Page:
1. Jan 28, 2008

### rbzima

I'm just wondering if anyone can think of a function that is contained in (0,1). I've been brainstorming for awhile and I can't think of anything particularly. Furthermore, it would be fantastic if it was not piecewise defined as well. Help would be appreciated!

2. Jan 28, 2008

### sutupidmath

what do u mean it is contained, that for any values of x the values of the function varie from y=0 to y=1 or what?

3. Jan 28, 2008

### rbzima

I'm essentially looking for a function where x is contained in the open interval of (0,1). Someone suggested tan(x) might work, but I would rather not use trigonometric functions.

4. Jan 28, 2008

### VietDao29

You can give any function you think of, and then restrict the domain of the function to be (0, 1), like this:

f: (0, 1) --> R
x |--> x2 + x - 5

That means, your f now, is only defined in (0, 1), and undefined everywhere else.

Or, if you want some other nicer function, then square root is a function to look for:

In the reals, the function $$y = \frac{1}{\sqrt{-x(x - 1)}}$$ is only defined on the interval (0, 1), and undefined everywhere else.

5. Jan 28, 2008

### rbzima

Sorry, I should have clarified. I'm trying to prove that there exists a function between (0,1) that is 1-1 and onto, therefore the range of this function must span all y values, and the domain is contained in (0,1).

For example, between (-1,1) f(x) = x/(x^2-1) works, but when I tried converting that into a form that is simply between (0,1), the inverse function looks exceptionally nasty! Using the inverse, I'm basically proving the function is onto, which in turn is proving that the (0,1) ~ R. Proving the function is 1-1 simply requires that the derivative is either always positive or always negative.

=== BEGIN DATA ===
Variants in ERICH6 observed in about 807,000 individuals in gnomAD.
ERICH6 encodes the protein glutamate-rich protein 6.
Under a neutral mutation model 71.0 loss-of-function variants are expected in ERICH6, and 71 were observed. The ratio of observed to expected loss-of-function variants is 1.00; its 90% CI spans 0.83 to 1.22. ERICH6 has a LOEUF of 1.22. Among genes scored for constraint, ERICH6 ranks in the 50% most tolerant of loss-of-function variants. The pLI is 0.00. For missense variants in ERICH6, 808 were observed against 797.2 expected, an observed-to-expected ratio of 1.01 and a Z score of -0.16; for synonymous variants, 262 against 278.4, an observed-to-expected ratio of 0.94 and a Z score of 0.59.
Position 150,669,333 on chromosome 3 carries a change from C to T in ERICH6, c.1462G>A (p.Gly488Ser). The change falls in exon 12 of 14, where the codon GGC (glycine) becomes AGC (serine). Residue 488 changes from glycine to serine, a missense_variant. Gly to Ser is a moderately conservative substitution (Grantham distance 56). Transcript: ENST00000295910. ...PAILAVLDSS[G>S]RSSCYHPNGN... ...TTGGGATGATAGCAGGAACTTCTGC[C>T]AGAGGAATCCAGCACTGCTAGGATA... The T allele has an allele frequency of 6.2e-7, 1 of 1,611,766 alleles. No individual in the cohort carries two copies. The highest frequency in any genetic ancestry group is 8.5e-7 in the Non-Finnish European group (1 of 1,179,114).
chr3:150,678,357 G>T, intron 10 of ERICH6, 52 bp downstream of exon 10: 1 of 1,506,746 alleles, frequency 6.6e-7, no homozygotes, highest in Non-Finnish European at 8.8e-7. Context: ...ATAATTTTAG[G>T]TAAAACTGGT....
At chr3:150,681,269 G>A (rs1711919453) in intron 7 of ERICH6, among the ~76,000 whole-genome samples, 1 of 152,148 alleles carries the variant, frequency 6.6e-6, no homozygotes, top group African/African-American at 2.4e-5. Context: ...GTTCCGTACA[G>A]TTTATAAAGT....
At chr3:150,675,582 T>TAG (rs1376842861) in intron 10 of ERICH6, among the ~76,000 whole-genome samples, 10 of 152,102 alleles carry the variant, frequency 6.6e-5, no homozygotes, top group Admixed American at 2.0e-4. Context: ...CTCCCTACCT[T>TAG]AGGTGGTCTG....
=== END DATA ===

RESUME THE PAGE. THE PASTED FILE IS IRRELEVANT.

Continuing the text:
6. Jan 28, 2008

### HallsofIvy

One to one and onto? Onto what? If I were talking about a function with domain between 0 and 1 and said it was "onto" the reasonable assumption would be it was "onto" (0, 1). The function y= x does that nicely!

As for a function that is one-to-one and onto from (0, 1) to the set of all real numbers, I would think a variation on tan(x) would work nicely. tan(x) covers all real numbers for x between $-pi/2$ and $\pi/2$ so $f(x)= tan(-\pi/2+ \pi x)$ should work nicely: when x= 0, $-\pi/2+ \pi (0)= -pi/2$. When x= 1, $-pi/2+ \pi (1)= \pi/2$. Unless I have misunderstood what you are looking for, that should be exactly what you want.

7. Jan 28, 2008

### rbzima

You are pretty much the man! Thanks a whole heap. And yes, I was looking for a 1-1 correspondence between (0,1) and R. I might have neglected to mention that.